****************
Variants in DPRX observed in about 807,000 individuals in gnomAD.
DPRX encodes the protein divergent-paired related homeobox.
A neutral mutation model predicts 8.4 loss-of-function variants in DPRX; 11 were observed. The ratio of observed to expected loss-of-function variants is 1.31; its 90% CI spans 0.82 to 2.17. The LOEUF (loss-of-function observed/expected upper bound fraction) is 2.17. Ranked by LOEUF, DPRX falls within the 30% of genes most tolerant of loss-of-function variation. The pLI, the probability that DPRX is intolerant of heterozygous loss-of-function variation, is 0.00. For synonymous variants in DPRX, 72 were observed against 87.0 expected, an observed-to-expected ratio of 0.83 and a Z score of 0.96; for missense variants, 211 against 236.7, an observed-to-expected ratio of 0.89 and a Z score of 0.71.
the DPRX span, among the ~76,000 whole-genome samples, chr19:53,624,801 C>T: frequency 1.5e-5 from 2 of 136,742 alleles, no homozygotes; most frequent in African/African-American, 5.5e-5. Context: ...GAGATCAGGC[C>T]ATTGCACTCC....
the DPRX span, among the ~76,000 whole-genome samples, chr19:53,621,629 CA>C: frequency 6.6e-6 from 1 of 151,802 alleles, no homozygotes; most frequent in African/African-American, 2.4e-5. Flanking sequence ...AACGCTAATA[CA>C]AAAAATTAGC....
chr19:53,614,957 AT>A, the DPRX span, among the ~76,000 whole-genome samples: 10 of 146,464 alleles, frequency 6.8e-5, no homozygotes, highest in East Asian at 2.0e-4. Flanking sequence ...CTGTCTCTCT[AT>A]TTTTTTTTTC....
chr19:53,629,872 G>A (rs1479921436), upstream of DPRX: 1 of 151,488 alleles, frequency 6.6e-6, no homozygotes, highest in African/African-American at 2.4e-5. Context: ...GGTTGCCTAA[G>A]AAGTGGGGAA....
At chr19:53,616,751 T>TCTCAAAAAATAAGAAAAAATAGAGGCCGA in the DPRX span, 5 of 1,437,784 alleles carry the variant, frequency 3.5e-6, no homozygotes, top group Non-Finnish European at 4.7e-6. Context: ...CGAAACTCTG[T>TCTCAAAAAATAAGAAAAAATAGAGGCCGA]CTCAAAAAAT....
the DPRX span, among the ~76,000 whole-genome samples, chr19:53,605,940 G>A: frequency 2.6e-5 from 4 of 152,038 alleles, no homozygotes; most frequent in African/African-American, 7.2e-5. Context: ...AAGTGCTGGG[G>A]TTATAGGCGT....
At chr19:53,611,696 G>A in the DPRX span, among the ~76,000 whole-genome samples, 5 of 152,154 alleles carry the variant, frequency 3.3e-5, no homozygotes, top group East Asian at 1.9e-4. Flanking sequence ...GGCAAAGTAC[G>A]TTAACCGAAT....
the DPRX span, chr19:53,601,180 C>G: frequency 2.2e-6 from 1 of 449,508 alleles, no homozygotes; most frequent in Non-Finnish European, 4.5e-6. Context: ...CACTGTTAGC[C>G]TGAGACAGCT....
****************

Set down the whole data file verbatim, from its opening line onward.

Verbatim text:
Variants in DPRX observed in about 807,000 individuals in gnomAD.
DPRX encodes the protein divergent-paired related homeobox.
A neutral mutation model predicts 8.4 loss-of-function variants in DPRX; 11 were observed. The ratio of observed to expected loss-of-function variants is 1.31; its 90% CI spans 0.82 to 2.17. The LOEUF (loss-of-function observed/expected upper bound fraction) is 2.17. Ranked by LOEUF, DPRX falls within the 30% of genes most tolerant of loss-of-function variation. The pLI, the probability that DPRX is intolerant of heterozygous loss-of-function variation, is 0.00. For synonymous variants in DPRX, 72 were observed against 87.0 expected, an observed-to-expected ratio of 0.83 and a Z score of 0.96; for missense variants, 211 against 236.7, an observed-to-expected ratio of 0.89 and a Z score of 0.71.
the DPRX span, among the ~76,000 whole-genome samples, chr19:53,624,801 C>T: frequency 1.5e-5 from 2 of 136,742 alleles, no homozygotes; most frequent in African/African-American, 5.5e-5. Context: ...GAGATCAGGC[C>T]ATTGCACTCC....
the DPRX span, among the ~76,000 whole-genome samples, chr19:53,621,629 CA>C: frequency 6.6e-6 from 1 of 151,802 alleles, no homozygotes; most frequent in African/African-American, 2.4e-5. Flanking sequence ...AACGCTAATA[CA>C]AAAAATTAGC....
chr19:53,614,957 AT>A, the DPRX span, among the ~76,000 whole-genome samples: 10 of 146,464 alleles, frequency 6.8e-5, no homozygotes, highest in East Asian at 2.0e-4. Flanking sequence ...CTGTCTCTCT[AT>A]TTTTTTTTTC....
chr19:53,629,872 G>A (rs1479921436), upstream of DPRX: 1 of 151,488 alleles, frequency 6.6e-6, no homozygotes, highest in African/African-American at 2.4e-5. Context: ...GGTTGCCTAA[G>A]AAGTGGGGAA....
At chr19:53,616,751 T>TCTCAAAAAATAAGAAAAAATAGAGGCCGA in the DPRX span, 5 of 1,437,784 alleles carry the variant, frequency 3.5e-6, no homozygotes, top group Non-Finnish European at 4.7e-6. Context: ...CGAAACTCTG[T>TCTCAAAAAATAAGAAAAAATAGAGGCCGA]CTCAAAAAAT....
the DPRX span, among the ~76,000 whole-genome samples, chr19:53,605,940 G>A: frequency 2.6e-5 from 4 of 152,038 alleles, no homozygotes; most frequent in African/African-American, 7.2e-5. Context: ...AAGTGCTGGG[G>A]TTATAGGCGT....
At chr19:53,611,696 G>A in the DPRX span, among the ~76,000 whole-genome samples, 5 of 152,154 alleles carry the variant, frequency 3.3e-5, no homozygotes, top group East Asian at 1.9e-4. Flanking sequence ...GGCAAAGTAC[G>A]TTAACCGAAT....
the DPRX span, chr19:53,601,180 C>G: frequency 2.2e-6 from 1 of 449,508 alleles, no homozygotes; most frequent in Non-Finnish European, 4.5e-6. Context: ...CACTGTTAGC[C>G]TGAGACAGCT....